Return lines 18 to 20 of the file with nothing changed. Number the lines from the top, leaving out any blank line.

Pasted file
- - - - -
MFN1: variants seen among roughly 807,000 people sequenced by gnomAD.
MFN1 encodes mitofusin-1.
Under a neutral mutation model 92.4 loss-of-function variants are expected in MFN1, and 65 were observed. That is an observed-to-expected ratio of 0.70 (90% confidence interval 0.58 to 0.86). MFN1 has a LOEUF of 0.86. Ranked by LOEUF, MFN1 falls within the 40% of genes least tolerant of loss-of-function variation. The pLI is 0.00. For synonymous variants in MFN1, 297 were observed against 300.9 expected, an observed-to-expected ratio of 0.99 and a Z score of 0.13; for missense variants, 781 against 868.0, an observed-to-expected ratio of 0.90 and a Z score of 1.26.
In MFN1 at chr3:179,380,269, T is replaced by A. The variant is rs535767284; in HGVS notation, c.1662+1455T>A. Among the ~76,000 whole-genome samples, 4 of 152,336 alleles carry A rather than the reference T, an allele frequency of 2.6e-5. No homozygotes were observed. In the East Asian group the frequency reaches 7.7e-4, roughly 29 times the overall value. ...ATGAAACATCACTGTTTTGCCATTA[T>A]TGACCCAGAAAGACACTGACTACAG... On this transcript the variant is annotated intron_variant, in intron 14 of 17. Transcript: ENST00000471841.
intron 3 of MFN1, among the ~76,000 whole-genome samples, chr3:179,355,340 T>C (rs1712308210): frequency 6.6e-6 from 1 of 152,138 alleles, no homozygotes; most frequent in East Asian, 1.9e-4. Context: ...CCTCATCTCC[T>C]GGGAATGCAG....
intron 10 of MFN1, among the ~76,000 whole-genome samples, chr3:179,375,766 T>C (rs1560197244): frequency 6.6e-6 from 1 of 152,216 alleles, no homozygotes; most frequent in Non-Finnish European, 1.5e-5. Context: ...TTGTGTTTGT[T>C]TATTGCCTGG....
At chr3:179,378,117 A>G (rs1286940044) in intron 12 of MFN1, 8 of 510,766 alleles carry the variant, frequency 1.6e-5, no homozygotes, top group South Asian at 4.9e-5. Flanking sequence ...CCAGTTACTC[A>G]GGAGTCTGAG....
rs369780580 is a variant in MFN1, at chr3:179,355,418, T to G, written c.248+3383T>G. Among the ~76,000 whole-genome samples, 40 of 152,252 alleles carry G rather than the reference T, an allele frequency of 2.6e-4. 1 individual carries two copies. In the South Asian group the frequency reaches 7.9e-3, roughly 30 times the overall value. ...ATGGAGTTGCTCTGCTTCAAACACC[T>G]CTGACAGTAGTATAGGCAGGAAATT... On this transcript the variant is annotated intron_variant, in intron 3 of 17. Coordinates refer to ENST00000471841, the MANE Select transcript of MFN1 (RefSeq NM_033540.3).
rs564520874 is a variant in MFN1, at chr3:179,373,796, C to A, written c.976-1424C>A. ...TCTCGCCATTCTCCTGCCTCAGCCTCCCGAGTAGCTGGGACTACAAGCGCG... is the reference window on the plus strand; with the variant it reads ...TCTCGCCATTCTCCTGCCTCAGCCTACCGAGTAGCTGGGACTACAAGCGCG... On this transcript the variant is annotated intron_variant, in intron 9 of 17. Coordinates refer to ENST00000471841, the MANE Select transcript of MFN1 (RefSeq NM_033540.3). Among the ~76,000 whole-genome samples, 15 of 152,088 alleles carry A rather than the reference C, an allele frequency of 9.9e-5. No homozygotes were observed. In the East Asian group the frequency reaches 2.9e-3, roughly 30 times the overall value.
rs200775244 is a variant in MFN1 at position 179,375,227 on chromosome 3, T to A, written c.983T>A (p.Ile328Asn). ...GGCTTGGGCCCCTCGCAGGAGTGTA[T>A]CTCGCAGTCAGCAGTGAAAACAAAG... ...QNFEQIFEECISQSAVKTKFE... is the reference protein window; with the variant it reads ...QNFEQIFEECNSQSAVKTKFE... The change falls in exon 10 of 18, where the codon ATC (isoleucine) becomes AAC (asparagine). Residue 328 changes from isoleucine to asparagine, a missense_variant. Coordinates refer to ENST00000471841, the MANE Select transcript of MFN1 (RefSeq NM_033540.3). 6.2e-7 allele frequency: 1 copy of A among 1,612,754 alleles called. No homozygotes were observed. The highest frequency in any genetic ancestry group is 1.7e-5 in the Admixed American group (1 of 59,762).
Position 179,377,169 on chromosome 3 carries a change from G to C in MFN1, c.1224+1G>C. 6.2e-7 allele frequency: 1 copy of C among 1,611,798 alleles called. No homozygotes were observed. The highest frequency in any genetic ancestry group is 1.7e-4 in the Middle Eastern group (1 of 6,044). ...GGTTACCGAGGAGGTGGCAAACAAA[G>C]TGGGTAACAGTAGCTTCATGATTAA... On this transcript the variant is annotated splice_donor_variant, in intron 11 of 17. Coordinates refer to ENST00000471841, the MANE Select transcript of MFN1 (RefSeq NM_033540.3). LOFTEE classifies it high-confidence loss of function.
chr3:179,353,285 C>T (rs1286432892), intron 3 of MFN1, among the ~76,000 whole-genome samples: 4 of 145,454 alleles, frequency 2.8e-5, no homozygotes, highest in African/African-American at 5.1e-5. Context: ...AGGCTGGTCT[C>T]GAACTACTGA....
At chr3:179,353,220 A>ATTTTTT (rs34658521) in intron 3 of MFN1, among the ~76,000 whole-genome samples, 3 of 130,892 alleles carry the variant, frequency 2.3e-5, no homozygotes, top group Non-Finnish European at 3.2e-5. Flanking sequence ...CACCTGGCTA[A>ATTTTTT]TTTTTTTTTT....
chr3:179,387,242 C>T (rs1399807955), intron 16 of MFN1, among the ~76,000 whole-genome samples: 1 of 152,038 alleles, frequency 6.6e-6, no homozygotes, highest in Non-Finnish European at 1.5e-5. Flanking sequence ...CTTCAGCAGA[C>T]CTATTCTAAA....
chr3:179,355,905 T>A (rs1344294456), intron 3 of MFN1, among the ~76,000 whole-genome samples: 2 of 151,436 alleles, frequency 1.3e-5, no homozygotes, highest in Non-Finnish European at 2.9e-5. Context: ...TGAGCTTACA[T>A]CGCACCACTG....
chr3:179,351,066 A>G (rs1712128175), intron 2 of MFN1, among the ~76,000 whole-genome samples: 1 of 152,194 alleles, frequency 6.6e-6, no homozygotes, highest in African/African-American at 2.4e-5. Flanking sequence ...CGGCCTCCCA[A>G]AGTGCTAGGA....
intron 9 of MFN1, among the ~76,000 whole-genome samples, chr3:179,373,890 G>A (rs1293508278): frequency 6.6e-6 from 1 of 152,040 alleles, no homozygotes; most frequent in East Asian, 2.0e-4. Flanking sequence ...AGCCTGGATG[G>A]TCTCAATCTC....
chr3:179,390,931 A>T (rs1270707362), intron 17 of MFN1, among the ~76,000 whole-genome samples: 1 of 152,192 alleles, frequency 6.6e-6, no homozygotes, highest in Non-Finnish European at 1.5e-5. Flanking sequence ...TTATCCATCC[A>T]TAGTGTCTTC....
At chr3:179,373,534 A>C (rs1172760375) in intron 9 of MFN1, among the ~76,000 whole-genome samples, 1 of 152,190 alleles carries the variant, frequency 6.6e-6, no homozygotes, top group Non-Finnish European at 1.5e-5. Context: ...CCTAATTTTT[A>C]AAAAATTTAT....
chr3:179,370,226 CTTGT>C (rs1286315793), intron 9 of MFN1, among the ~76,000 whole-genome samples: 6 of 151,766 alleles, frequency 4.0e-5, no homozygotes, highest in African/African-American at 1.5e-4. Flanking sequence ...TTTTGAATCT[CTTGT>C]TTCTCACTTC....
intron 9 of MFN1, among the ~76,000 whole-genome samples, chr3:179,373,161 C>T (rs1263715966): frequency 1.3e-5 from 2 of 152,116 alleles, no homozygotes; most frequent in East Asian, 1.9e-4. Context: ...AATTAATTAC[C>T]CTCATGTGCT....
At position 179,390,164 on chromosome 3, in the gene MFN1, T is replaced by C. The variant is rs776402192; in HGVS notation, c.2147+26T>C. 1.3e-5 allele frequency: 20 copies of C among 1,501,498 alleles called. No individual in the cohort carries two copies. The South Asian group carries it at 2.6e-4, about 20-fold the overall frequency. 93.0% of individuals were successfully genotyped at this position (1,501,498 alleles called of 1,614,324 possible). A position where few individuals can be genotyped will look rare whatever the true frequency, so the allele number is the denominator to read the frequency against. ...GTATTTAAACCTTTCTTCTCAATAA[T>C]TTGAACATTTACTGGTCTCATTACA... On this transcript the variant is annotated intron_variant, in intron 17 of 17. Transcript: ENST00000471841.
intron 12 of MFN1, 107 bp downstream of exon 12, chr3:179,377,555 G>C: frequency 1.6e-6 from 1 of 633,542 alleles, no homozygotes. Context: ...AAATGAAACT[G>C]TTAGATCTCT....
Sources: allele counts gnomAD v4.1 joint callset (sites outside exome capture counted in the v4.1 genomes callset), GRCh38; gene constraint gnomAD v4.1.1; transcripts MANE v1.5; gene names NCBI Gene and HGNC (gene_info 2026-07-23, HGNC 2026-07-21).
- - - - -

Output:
chr3:179,390,931 A>T (rs1270707362), intron 17 of MFN1, among the ~76,000 whole-genome samples: 1 of 152,192 alleles, frequency 6.6e-6, no homozygotes, highest in Non-Finnish European at 1.5e-5. Flanking sequence ...TTATCCATCC[A>T]TAGTGTCTTC....
At chr3:179,373,534 A>C (rs1172760375) in intron 9 of MFN1, among the ~76,000 whole-genome samples, 1 of 152,190 alleles carries the variant, frequency 6.6e-6, no homozygotes, top group Non-Finnish European at 1.5e-5. Context: ...CCTAATTTTT[A>C]AAAAATTTAT....
chr3:179,370,226 CTTGT>C (rs1286315793), intron 9 of MFN1, among the ~76,000 whole-genome samples: 6 of 151,766 alleles, frequency 4.0e-5, no homozygotes, highest in African/African-American at 1.5e-4. Flanking sequence ...TTTTGAATCT[CTTGT>C]TTCTCACTTC....